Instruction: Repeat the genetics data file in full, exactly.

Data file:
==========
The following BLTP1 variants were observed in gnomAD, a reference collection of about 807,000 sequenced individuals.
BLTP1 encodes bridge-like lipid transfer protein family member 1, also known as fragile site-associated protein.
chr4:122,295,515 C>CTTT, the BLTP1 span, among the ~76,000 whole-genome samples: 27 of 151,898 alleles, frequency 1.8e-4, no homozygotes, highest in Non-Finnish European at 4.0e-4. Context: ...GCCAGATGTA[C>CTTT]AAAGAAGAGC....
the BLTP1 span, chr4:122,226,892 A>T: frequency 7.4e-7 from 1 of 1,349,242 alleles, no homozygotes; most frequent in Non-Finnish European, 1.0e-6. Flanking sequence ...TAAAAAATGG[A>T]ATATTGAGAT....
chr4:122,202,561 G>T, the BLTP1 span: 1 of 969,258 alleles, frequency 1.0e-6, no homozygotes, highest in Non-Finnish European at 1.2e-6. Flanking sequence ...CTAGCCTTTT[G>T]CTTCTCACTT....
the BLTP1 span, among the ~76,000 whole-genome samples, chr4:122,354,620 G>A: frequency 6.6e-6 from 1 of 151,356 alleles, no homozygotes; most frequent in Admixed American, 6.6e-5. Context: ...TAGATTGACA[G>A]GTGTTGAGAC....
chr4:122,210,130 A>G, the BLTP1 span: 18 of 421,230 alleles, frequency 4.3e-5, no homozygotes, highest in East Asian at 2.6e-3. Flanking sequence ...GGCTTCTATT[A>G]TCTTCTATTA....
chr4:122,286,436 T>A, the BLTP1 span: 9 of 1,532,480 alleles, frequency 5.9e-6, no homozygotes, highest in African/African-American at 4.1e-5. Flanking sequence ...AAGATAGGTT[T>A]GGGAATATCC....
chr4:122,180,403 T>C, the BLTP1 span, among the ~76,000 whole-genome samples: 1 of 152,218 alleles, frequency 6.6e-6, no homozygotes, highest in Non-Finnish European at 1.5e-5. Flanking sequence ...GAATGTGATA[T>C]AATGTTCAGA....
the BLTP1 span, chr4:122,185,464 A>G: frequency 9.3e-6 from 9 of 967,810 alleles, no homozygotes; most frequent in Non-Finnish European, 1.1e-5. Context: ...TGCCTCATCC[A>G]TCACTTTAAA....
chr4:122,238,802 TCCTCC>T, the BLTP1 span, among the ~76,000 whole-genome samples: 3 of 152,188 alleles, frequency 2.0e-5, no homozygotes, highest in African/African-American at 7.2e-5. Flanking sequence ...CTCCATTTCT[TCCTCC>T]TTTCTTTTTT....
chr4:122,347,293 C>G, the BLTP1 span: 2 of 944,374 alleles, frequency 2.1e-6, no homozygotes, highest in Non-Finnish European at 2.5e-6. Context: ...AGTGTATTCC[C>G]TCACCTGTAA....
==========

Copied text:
The following BLTP1 variants were observed in gnomAD, a reference collection of about 807,000 sequenced individuals.
BLTP1 encodes bridge-like lipid transfer protein family member 1, also known as fragile site-associated protein.
chr4:122,295,515 C>CTTT, the BLTP1 span, among the ~76,000 whole-genome samples: 27 of 151,898 alleles, frequency 1.8e-4, no homozygotes, highest in Non-Finnish European at 4.0e-4. Context: ...GCCAGATGTA[C>CTTT]AAAGAAGAGC....
the BLTP1 span, chr4:122,226,892 A>T: frequency 7.4e-7 from 1 of 1,349,242 alleles, no homozygotes; most frequent in Non-Finnish European, 1.0e-6. Flanking sequence ...TAAAAAATGG[A>T]ATATTGAGAT....
chr4:122,202,561 G>T, the BLTP1 span: 1 of 969,258 alleles, frequency 1.0e-6, no homozygotes, highest in Non-Finnish European at 1.2e-6. Flanking sequence ...CTAGCCTTTT[G>T]CTTCTCACTT....
the BLTP1 span, among the ~76,000 whole-genome samples, chr4:122,354,620 G>A: frequency 6.6e-6 from 1 of 151,356 alleles, no homozygotes; most frequent in Admixed American, 6.6e-5. Context: ...TAGATTGACA[G>A]GTGTTGAGAC....
chr4:122,210,130 A>G, the BLTP1 span: 18 of 421,230 alleles, frequency 4.3e-5, no homozygotes, highest in East Asian at 2.6e-3. Flanking sequence ...GGCTTCTATT[A>G]TCTTCTATTA....
chr4:122,286,436 T>A, the BLTP1 span: 9 of 1,532,480 alleles, frequency 5.9e-6, no homozygotes, highest in African/African-American at 4.1e-5. Flanking sequence ...AAGATAGGTT[T>A]GGGAATATCC....
chr4:122,180,403 T>C, the BLTP1 span, among the ~76,000 whole-genome samples: 1 of 152,218 alleles, frequency 6.6e-6, no homozygotes, highest in Non-Finnish European at 1.5e-5. Flanking sequence ...GAATGTGATA[T>C]AATGTTCAGA....
the BLTP1 span, chr4:122,185,464 A>G: frequency 9.3e-6 from 9 of 967,810 alleles, no homozygotes; most frequent in Non-Finnish European, 1.1e-5. Context: ...TGCCTCATCC[A>G]TCACTTTAAA....
chr4:122,238,802 TCCTCC>T, the BLTP1 span, among the ~76,000 whole-genome samples: 3 of 152,188 alleles, frequency 2.0e-5, no homozygotes, highest in African/African-American at 7.2e-5. Flanking sequence ...CTCCATTTCT[TCCTCC>T]TTTCTTTTTT....
chr4:122,347,293 C>G, the BLTP1 span: 2 of 944,374 alleles, frequency 2.1e-6, no homozygotes, highest in Non-Finnish European at 2.5e-6. Context: ...AGTGTATTCC[C>G]TCACCTGTAA....